Connect with us

Movie Reviews

Reality ★★★



Director: Tina Statter

Cast: Sydney Sweeney, Josh Hamilton, Marchánt Davis, Benny Elledge, John Way  

Released: 2nd June 2023

It’s hard to ignore someone actually named Reality Winner. Yet, despite ‘not wanting to be a Snowden’, the 25-year-old NSA linguistic contractor came to international prominence in 2017 as the latest high-stakes whistleblower when she was arrested for leaking classified information to the press about Russian interference in the 2016 US presidential election. Winner spent five years in prison – the longest-ever sentence for such crimes. Tina Satter’s 2019 play Is This A Room detailed Reality’s FBI interrogation and arrest, and now she helms its adaptation into her film directorial debut Reality. This dramatisation also marks the first leading role for Sydney Sweeney as the titular character; for a stark snapshot that is skilful and unnerving yet leaves viewers wondering what else lies outside the frame. 

In keeping with Satter’s play, the dialogue of Reality is taken entirely from the actual transcript, which starts as two FBI agents, Garrick (Marchánt Davis) and Taylor (Josh Hamilton), pull up outside Reality’s home. The agents inform her they’ve been made aware of the possible mishandling of classified information and that they have a warrant to search her home. Reality agrees, and soon several other cars arrive, with more plain-clothed agents spilling onto the premises. This display of severity lies in contrast with the conversation taking place on the front lawn. As the agents decide to start with ‘good cop – good cop’, we find out more about Winner, from her past as a former member of the United States Air Force to her CrossFit habits – interspersed with real photos and Instagram pictures of Winner. The length of this small talk tips almost into monotony, yet we’re kept engaged by the unsettling false geniality of the agents as well as the glaring fact Reality has not asked for a lawyer. 

Best known for her turn as perpetually distraught teen Cassie in HBO megahit Euphoria, the internet is awash with memes and odes to her character’s somewhat epic emotional outbursts, yet Reality proves a path less expected for Sweeney and a great addition to her repertoire. The bare bones set-up, as well as the slow building tension, allows for a depiction of fear and dread that’s masterfully contained as Sweeney dials between calm, unease and anguish. Redacted words in the transcript are blanked out, and as the niceties dissolve and accusations intensify, these omissions become physical manifestations, with Winner herself distorting and flickering off the screen.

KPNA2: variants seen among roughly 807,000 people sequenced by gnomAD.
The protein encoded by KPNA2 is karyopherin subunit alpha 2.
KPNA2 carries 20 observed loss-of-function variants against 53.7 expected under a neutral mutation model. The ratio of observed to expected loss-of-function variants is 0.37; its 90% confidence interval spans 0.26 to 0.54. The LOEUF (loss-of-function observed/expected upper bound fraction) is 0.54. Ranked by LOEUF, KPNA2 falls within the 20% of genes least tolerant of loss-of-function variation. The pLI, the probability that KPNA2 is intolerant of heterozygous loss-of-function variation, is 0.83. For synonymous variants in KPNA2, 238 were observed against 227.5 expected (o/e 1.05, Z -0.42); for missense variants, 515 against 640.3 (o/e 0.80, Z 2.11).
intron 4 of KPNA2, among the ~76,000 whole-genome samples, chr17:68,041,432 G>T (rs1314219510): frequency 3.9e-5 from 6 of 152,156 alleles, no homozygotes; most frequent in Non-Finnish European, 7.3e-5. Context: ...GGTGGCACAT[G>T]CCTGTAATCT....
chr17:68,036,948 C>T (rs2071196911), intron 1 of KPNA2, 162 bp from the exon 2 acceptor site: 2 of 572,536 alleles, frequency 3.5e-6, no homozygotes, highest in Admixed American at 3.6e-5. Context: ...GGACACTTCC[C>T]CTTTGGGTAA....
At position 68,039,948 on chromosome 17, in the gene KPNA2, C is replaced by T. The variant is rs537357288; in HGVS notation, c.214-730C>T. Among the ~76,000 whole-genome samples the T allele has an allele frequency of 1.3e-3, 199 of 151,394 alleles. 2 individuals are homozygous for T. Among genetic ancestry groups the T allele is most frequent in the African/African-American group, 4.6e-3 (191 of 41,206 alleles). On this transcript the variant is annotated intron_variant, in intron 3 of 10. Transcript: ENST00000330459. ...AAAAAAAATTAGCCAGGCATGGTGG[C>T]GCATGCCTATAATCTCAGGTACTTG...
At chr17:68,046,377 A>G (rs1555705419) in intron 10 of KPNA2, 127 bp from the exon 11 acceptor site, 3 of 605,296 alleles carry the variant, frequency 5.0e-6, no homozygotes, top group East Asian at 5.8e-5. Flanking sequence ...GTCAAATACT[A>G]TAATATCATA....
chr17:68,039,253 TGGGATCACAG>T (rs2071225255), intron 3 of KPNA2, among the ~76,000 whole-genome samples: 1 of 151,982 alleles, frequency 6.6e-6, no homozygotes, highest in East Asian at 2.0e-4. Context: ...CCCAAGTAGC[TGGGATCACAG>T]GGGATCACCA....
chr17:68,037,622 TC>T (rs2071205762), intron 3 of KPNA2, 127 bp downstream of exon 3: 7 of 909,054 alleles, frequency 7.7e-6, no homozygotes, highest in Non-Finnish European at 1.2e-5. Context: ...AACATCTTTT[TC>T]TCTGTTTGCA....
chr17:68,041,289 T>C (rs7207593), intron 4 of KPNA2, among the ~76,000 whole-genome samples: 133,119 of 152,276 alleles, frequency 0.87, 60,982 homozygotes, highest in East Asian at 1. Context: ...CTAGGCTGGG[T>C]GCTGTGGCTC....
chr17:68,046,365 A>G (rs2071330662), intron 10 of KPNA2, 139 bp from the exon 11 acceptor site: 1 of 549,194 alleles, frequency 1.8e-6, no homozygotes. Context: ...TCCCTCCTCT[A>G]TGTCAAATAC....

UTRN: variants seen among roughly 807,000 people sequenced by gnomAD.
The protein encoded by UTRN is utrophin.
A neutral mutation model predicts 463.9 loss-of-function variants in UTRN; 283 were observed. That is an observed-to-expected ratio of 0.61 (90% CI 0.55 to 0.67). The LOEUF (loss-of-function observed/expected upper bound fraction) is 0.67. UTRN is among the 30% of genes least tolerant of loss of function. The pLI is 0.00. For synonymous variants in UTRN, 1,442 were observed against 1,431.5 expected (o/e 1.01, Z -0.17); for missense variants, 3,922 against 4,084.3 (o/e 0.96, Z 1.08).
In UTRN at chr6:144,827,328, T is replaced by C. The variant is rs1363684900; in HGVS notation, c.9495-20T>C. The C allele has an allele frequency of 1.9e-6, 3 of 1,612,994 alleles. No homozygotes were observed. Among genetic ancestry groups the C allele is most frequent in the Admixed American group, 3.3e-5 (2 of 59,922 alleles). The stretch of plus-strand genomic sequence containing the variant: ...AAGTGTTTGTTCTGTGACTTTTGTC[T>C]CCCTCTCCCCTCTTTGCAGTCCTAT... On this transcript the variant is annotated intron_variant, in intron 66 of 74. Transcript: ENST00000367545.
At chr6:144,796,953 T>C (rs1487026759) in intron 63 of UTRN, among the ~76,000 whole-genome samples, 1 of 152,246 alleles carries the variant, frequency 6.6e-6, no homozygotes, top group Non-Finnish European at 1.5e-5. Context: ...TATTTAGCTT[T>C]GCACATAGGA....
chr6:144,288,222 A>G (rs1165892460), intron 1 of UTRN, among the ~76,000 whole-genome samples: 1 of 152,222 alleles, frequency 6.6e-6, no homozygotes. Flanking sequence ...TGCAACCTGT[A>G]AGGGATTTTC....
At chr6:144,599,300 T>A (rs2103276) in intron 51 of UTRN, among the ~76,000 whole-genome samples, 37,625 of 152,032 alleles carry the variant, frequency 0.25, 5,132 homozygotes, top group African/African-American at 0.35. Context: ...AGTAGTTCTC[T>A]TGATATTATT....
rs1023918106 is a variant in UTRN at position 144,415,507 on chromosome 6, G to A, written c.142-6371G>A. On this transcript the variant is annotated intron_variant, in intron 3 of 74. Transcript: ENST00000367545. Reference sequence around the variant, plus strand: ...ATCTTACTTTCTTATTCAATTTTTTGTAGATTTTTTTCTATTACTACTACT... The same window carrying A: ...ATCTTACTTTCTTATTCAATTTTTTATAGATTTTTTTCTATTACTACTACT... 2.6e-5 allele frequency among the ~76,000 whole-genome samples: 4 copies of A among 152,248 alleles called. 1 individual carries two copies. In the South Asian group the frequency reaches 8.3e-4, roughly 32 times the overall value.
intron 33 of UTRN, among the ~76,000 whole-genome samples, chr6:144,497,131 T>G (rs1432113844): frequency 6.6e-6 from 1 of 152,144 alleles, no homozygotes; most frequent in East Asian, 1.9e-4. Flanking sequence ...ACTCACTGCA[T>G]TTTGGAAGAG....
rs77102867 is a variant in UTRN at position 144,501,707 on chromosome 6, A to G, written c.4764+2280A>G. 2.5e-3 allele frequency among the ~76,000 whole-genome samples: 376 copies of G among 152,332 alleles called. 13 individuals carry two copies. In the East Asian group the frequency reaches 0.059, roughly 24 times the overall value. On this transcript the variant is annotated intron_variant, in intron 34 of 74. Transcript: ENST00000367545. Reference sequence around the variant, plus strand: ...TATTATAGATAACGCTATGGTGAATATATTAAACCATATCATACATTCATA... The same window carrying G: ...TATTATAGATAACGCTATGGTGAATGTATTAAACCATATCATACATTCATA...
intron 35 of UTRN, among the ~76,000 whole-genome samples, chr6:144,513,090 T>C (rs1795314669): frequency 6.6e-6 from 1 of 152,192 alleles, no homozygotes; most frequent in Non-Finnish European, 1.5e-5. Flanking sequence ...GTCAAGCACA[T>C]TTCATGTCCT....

Reality makes for intriguing watching, however, its confined storytelling means some of the more interesting details of Winner’s story as a whole cannot be factored in. In its prosecution, the state used social media messages between Winner and her sister, Brittany, where she vented against Trump and the state of the country, to paint her as a domestic danger rather than a patriot. Some of this is hinted at in the brief real news footage that comes at the end of the film. Even a slightly wider look at the narrative may have added deeper insight into Winner’s decision to take matters into her own hands and provided more emotional heft. 

Reality is a taut, minimalistic thriller propelled by small yet effective stylistic flourishes. For those wanting to know the end-to-end facts of the case, Reality may prove a little too enigmatic, and at times the audience is called to feel more than they’re given to connect with. However, a great performance by Sydney Sweeney provides an intriguing entry point into a compelling story of humanity and moral responsibility. 

Just For You